The AHRQ has put out an updated Making Health Care Safer report as a sequel to the initial 2001 report. The influential and controversial 2001 report became the cornerstone of many patient safety practices, but many safety indicators haven’t improved as much as was hoped. As a result, the current report sought to look at more context and generalization, as well as unintended consequences.
The current report was made by conducting a systematic literature review that provides a clear look at a large number of patient safety practices. Here’s a few of the STRONGLY encouraged patient safety practices:
- Preoperative checklists and anesthesia checklists to prevent operative and post-operative events.
- Bundles that include checklists to prevent central line-associated bloodstream infections.
- Interventions to reduce urinary catheter use, including catheter reminders, stop orders, or nurse-initiated removal protocols.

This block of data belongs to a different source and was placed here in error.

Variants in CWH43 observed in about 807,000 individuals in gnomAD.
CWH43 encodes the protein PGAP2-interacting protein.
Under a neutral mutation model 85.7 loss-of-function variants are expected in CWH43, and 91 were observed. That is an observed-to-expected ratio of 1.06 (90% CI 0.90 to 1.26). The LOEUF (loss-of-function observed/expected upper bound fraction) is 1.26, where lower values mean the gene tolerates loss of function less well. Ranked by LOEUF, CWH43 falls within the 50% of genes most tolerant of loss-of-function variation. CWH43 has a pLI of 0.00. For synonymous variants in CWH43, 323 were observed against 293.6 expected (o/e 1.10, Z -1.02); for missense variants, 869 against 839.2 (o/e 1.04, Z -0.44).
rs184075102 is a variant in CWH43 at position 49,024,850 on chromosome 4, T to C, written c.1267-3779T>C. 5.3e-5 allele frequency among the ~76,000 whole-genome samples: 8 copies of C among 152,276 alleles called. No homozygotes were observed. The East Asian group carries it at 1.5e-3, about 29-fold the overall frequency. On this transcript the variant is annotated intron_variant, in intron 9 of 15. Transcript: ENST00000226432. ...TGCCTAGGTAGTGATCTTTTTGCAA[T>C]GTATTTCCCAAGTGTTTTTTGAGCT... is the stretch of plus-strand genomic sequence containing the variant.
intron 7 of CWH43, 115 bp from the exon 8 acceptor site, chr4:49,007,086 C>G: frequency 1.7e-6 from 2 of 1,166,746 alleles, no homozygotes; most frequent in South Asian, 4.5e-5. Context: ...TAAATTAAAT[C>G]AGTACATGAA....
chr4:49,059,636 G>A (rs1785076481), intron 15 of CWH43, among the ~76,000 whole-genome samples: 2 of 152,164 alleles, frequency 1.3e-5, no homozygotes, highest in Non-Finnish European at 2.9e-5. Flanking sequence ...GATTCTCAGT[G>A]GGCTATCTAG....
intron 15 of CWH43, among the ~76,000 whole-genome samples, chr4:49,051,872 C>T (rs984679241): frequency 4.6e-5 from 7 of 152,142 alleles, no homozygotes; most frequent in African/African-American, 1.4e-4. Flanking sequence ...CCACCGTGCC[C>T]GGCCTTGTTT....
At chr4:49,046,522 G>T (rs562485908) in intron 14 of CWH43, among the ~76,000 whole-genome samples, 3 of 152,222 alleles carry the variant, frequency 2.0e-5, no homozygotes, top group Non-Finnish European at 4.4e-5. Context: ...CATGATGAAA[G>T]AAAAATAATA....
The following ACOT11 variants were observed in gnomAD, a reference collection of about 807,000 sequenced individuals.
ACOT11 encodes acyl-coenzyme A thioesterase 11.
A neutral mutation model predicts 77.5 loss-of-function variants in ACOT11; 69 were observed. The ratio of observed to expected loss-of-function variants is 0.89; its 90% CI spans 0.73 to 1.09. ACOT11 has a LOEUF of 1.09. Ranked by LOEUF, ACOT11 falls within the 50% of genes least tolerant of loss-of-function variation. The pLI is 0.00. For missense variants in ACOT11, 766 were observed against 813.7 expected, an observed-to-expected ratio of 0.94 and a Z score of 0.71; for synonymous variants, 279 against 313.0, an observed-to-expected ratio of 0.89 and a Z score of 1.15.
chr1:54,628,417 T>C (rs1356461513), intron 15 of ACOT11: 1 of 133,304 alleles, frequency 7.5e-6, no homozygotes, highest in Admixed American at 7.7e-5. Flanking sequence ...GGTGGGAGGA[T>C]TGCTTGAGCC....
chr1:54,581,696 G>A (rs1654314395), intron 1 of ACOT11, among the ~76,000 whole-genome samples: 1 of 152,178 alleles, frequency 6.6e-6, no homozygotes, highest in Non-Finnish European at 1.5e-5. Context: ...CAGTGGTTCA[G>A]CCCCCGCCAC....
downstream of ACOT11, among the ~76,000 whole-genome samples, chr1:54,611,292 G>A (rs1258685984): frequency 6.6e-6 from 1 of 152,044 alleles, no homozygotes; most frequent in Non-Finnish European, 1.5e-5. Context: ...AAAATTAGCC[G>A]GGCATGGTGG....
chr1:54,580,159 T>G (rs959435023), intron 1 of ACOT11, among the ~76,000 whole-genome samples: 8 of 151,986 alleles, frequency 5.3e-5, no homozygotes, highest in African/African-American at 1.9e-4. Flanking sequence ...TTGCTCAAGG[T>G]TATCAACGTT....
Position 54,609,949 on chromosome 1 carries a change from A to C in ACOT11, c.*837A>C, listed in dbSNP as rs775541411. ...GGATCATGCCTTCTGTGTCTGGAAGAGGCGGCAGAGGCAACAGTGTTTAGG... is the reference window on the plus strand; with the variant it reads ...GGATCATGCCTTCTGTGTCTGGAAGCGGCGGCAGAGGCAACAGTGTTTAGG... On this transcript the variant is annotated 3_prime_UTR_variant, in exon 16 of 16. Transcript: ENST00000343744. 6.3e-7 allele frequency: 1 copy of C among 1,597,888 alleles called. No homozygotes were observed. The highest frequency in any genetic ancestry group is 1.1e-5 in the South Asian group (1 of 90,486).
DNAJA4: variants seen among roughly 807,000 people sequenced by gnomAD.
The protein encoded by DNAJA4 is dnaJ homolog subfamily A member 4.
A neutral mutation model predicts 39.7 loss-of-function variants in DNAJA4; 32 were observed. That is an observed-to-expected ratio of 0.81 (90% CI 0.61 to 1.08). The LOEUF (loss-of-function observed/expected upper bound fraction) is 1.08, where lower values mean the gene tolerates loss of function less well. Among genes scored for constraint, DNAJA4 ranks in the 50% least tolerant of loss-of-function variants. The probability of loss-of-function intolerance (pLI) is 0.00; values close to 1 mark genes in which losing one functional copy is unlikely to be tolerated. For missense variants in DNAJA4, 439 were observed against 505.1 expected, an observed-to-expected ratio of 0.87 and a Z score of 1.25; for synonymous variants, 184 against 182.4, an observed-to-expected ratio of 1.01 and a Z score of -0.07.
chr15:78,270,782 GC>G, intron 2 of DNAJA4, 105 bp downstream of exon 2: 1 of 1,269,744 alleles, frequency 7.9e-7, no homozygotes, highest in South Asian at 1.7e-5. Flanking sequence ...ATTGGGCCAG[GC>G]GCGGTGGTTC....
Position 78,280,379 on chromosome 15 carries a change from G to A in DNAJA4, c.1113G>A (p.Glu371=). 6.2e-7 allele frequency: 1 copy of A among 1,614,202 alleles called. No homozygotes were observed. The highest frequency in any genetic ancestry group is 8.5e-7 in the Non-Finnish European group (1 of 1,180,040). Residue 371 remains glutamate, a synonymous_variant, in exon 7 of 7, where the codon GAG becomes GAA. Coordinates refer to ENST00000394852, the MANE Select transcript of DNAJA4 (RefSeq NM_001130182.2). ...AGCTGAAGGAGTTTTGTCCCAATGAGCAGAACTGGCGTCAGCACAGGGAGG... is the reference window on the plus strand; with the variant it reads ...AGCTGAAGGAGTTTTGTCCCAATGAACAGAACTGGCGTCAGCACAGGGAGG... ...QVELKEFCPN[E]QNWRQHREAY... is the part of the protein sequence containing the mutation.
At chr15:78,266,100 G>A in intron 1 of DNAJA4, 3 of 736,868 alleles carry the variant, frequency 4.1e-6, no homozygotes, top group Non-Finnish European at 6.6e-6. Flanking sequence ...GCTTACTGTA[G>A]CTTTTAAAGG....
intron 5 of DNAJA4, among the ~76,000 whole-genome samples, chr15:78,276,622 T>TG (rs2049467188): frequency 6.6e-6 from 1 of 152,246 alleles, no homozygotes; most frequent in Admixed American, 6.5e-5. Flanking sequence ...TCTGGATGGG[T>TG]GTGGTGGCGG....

There’s also a list of encouraged patient safety practices that were important enough to be mentioned, but didn’t quite make in on the STRONGLY encouraged list. Here’s a few things from that list:
- Multicomponent interventions to reduce falls.
- Use of clinical pharmacists to reduce adverse drug events.
- Documentation of patient preferences for life-sustaining treatment.
Incidentally, UMHS has an active Patient Safety Movement. Dr. Sanjay Saint, for example, has done a lot of research on patient safety and catheter-associated UTIs, which is one of the strongly suggested items on the AHRQ report. To learn more about his research , you can watch this interview of him discussing the topic.